Officers on duty during the Kill the Bill riots in Bristol were ‘incredibly courageous and brave’, the region’s new police chief has said.
The riot engulfed central Bristol in March last year, after a demonstration against proposed legislation to give police the power to shut down protests turned violent.
The unrest saw officers attacked and urinated on while one man attempted to set fire to a police vehicle with officers inside.
A total of 44 officers were injured and at least £212,000 of damage was sustained to police property, sparking the biggest investigation in the history of Avon and Somerset Police, which is still ongoing.
Speaking to BristolWorld this week, Chf Con Sarah Crew said: “The criminal justice system decided that what happened on March 21 was a riot - 82 people have been arrested and there will probably be more to follow.
“I think it’s up to 43 people charged with rioting now, and that’s really significant.
“Talking to some of the officers involved now, the experience still lives with them to this day.
“In that sense, I think they were incredibly courageous and brave.
“They were acting not just on behalf of their colleagues, but on behalf of everyone in Bristol that day.”
Chf Con Crew, who has spent the bulk of her 27 years in policing as a detective, also praised officers leading the probe into the riot.
She added: “We don’t often have riots in this country.
“I think the last time a riot was laid as an indictment before the courts was in 2011, there hasn’t been an investigation of this kind for some time.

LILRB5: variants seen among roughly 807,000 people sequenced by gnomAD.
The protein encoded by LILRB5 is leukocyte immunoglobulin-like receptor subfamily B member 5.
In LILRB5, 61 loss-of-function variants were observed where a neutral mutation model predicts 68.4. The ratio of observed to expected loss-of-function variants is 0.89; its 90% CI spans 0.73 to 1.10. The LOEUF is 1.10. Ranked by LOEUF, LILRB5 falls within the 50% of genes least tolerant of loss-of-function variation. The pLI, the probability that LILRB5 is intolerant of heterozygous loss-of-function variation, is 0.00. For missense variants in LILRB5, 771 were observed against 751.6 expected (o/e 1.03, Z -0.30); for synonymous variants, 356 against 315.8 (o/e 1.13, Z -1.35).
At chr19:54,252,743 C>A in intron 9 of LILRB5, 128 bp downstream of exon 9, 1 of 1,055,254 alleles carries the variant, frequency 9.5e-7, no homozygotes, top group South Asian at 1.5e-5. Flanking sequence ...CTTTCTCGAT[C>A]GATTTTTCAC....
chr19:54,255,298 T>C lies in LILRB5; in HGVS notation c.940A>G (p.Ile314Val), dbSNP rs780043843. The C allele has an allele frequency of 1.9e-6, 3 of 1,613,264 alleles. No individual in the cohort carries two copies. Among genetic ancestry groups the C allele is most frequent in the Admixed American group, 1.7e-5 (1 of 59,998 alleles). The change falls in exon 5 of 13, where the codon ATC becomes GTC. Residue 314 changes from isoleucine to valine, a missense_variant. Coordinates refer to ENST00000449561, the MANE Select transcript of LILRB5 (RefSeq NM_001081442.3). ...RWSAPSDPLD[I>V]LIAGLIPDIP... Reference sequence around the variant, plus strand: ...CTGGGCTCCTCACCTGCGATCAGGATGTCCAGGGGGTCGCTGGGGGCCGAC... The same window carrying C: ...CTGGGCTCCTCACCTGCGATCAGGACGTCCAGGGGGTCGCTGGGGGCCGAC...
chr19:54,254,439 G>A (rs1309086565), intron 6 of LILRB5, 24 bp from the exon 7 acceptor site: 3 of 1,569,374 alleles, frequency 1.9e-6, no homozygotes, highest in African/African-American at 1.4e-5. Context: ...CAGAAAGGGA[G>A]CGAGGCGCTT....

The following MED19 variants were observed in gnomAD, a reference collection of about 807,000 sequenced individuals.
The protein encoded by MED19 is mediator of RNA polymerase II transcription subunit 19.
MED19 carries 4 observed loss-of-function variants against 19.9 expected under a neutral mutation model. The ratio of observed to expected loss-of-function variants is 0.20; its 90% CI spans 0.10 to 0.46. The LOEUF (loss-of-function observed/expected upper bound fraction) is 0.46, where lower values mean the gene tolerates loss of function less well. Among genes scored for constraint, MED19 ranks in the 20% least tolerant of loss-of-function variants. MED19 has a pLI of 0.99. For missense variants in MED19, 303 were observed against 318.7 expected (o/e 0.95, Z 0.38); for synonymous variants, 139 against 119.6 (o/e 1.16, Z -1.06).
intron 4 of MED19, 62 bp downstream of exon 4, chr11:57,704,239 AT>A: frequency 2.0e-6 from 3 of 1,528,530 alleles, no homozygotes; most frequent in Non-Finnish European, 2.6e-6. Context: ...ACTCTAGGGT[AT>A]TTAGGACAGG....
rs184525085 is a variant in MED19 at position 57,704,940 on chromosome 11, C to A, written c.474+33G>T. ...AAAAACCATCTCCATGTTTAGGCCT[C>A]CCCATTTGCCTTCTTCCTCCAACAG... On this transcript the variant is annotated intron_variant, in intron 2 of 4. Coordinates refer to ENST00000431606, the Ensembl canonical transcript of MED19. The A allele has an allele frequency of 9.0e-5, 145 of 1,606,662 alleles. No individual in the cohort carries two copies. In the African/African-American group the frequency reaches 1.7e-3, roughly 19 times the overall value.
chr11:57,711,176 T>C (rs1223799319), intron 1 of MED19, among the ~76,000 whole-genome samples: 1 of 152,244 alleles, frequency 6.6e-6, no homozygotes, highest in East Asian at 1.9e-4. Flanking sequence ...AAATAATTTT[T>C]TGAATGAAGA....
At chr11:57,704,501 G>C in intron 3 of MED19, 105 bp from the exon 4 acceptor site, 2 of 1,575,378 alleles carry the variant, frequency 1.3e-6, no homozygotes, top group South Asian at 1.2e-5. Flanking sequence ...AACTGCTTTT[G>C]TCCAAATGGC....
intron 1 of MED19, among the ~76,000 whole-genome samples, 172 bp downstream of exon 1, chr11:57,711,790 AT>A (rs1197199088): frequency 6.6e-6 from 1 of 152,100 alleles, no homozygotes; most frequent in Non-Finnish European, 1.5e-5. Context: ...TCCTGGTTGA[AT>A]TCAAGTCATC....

“And since 2011, the world has changed in terms of the amount of digital material to work though.
“What the investigators have done in this time frame is worthy of me saying it is exceptionally good practice.
“Lots of people have learned from their findings, some of which have been used as a model for the policing of COP26.”
But police did face criticism for their handling of the protest from some, such as Liberty, a civil liberties group who accused officers of using ‘heavy-handed tactics’.
David Lammy, shadow justice secretary, also questioned the way police dealt with the protest, branding their behaviour ‘severe — really, really heavy-handed’.
But Chf Con Crew said she was ‘happy’ with the decisions officers made at the time while reiterating her belief that the right to protest should be protected in Bristol and across the region.
Speaking about the toppling of statue of the slave trader Edward Colston in June 2020 during the Black Lives Matter protest, she said: “We have a proud history in Bristol of facilitating lawful and peaceful protesting.
“It’s something we’re proud of and we want to get back to that, working with organisers to ensure the absolute right to ensemble and convey views are protected.
“I’m keen for the force to be more open about how officers are trained for public order and the tactics, evidence and science that goes into their decision making.
“That way, we’re in a place where that difficult balance is more of a public debate and understanding, not just in the mind of the commander in the moment.”